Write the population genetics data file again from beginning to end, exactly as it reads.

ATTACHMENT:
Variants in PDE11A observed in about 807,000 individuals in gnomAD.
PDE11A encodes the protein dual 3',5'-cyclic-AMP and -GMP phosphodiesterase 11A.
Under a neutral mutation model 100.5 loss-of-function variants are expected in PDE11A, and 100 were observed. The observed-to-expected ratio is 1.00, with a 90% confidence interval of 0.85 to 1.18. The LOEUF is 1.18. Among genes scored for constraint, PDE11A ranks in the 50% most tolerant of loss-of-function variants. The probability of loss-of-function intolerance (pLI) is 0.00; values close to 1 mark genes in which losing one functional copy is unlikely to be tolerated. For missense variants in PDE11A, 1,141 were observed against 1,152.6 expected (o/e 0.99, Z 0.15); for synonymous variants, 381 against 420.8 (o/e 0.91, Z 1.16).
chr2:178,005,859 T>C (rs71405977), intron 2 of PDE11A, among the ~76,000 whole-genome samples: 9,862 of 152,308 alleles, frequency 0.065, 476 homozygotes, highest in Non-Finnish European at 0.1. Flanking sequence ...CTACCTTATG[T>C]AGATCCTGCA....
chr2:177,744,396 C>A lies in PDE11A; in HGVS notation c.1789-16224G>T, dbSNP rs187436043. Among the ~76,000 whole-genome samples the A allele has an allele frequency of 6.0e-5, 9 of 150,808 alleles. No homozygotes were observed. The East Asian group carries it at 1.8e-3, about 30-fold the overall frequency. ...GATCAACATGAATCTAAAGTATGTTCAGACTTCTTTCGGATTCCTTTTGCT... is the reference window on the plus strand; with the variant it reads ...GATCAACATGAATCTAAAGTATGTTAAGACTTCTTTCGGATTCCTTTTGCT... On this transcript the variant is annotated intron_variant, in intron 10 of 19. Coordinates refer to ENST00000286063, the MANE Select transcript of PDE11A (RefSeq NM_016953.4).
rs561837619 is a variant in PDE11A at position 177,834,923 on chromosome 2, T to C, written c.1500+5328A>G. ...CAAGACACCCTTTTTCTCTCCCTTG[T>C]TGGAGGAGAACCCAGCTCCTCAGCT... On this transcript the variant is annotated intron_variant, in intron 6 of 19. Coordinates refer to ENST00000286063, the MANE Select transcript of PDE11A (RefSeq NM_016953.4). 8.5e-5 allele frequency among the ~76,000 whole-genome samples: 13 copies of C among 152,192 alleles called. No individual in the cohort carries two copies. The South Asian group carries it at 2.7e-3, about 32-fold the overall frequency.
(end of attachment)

Variants in PDE11A observed in about 807,000 individuals in gnomAD.
PDE11A encodes the protein dual 3',5'-cyclic-AMP and -GMP phosphodiesterase 11A.
Under a neutral mutation model 100.5 loss-of-function variants are expected in PDE11A, and 100 were observed. The observed-to-expected ratio is 1.00, with a 90% confidence interval of 0.85 to 1.18. The LOEUF is 1.18. Among genes scored for constraint, PDE11A ranks in the 50% most tolerant of loss-of-function variants. The probability of loss-of-function intolerance (pLI) is 0.00; values close to 1 mark genes in which losing one functional copy is unlikely to be tolerated. For missense variants in PDE11A, 1,141 were observed against 1,152.6 expected (o/e 0.99, Z 0.15); for synonymous variants, 381 against 420.8 (o/e 0.91, Z 1.16).
chr2:178,005,859 T>C (rs71405977), intron 2 of PDE11A, among the ~76,000 whole-genome samples: 9,862 of 152,308 alleles, frequency 0.065, 476 homozygotes, highest in Non-Finnish European at 0.1. Flanking sequence ...CTACCTTATG[T>C]AGATCCTGCA....
chr2:177,744,396 C>A lies in PDE11A; in HGVS notation c.1789-16224G>T, dbSNP rs187436043. Among the ~76,000 whole-genome samples the A allele has an allele frequency of 6.0e-5, 9 of 150,808 alleles. No homozygotes were observed. The East Asian group carries it at 1.8e-3, about 30-fold the overall frequency. ...GATCAACATGAATCTAAAGTATGTTCAGACTTCTTTCGGATTCCTTTTGCT... is the reference window on the plus strand; with the variant it reads ...GATCAACATGAATCTAAAGTATGTTAAGACTTCTTTCGGATTCCTTTTGCT... On this transcript the variant is annotated intron_variant, in intron 10 of 19. Coordinates refer to ENST00000286063, the MANE Select transcript of PDE11A (RefSeq NM_016953.4).
rs561837619 is a variant in PDE11A at position 177,834,923 on chromosome 2, T to C, written c.1500+5328A>G. ...CAAGACACCCTTTTTCTCTCCCTTG[T>C]TGGAGGAGAACCCAGCTCCTCAGCT... On this transcript the variant is annotated intron_variant, in intron 6 of 19. Coordinates refer to ENST00000286063, the MANE Select transcript of PDE11A (RefSeq NM_016953.4). 8.5e-5 allele frequency among the ~76,000 whole-genome samples: 13 copies of C among 152,192 alleles called. No individual in the cohort carries two copies. The South Asian group carries it at 2.7e-3, about 32-fold the overall frequency.